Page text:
Theodore Roosevelt made several visits to the Atlanta area during and after his presidency. During these visits, he reconnected with his family history, seeing places he had only heard about from his mother. On one occasion, he made a tribute to the legacy of his mother and grandparents. In 1914, he presented the Roswell Presbyterian Church in Roswell, Georgia with a gift: a colorful stained glass window.
Roosevelt’s mother, Martha “Mittie” Stewart Bulloch, grew up in historic Roswell, Georgia. Her parents were Major James S. Bulloch and Martha Stewart Elliott, founding members of the Roswell Presbyterian Church in 1839 and prominent local landowners. That same year, their house Bulloch Hall had been built by slaves. Mittie Bulloch later married Theodore Roosevelt, Sr. in Bulloch Hall.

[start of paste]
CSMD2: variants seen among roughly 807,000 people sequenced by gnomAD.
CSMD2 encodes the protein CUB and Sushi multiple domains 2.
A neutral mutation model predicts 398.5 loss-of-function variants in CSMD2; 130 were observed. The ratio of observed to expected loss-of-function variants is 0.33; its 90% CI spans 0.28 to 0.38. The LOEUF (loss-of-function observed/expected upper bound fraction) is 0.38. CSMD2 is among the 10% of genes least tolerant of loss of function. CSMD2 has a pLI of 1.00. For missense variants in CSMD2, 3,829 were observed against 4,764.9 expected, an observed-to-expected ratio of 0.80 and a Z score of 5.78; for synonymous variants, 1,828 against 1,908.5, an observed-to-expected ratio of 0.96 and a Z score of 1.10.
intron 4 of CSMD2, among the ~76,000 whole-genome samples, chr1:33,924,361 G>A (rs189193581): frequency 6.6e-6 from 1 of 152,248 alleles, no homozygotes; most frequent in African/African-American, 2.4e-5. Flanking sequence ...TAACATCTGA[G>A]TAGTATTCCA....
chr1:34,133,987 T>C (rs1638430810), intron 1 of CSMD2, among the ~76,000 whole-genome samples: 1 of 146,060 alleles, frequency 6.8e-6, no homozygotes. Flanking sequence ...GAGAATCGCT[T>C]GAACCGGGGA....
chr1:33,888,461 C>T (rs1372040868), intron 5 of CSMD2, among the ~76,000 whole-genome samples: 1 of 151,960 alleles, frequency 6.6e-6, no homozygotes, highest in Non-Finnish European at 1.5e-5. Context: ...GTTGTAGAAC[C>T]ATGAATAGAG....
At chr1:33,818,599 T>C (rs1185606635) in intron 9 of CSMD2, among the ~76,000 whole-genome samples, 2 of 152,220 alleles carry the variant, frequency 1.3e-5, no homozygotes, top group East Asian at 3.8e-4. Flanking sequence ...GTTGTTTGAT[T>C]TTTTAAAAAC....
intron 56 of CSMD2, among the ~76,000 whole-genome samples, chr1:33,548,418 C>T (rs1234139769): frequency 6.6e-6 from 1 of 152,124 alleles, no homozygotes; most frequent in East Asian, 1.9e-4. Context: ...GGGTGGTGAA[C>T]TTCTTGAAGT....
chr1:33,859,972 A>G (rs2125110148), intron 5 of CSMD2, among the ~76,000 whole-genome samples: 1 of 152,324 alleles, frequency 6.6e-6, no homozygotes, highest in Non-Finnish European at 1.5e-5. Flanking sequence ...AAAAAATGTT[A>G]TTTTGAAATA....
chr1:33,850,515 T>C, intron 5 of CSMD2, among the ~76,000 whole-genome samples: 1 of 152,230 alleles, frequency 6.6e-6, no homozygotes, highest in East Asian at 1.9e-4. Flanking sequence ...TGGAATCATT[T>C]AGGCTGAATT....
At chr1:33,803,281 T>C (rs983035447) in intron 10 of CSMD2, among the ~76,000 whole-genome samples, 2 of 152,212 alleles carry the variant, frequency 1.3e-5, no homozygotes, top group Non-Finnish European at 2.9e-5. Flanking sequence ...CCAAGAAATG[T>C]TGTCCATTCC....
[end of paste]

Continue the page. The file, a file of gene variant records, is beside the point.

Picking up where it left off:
Pictured here is the lower third of the Bulloch-Roosevelt window. It was recently donated to the Presbyterian Heritage Center and is on display in the lobby.
The Atlanta Friends for Presbyterian Heritage met this past weekend at Roswell Presbyterian Church. The program featured, among other things, an overview of Roswell Presbyterian Church history – including its occupation by Union troops during the Civil War and its connection to U.S. President Theodore Roosevelt.
The Presbyterian Heritage Center gathers Presbyterians from across Atlanta for a free program each year on our faith heritage and for a time of fellowship. The informal Atlanta Friends group started in 2015. Contact the Presbyterian Heritage Center to learn more.
Today’s post written by Aspen Reynolds, fellow, and Katelyn Powell, Archaeology & Historical Studies Consultant.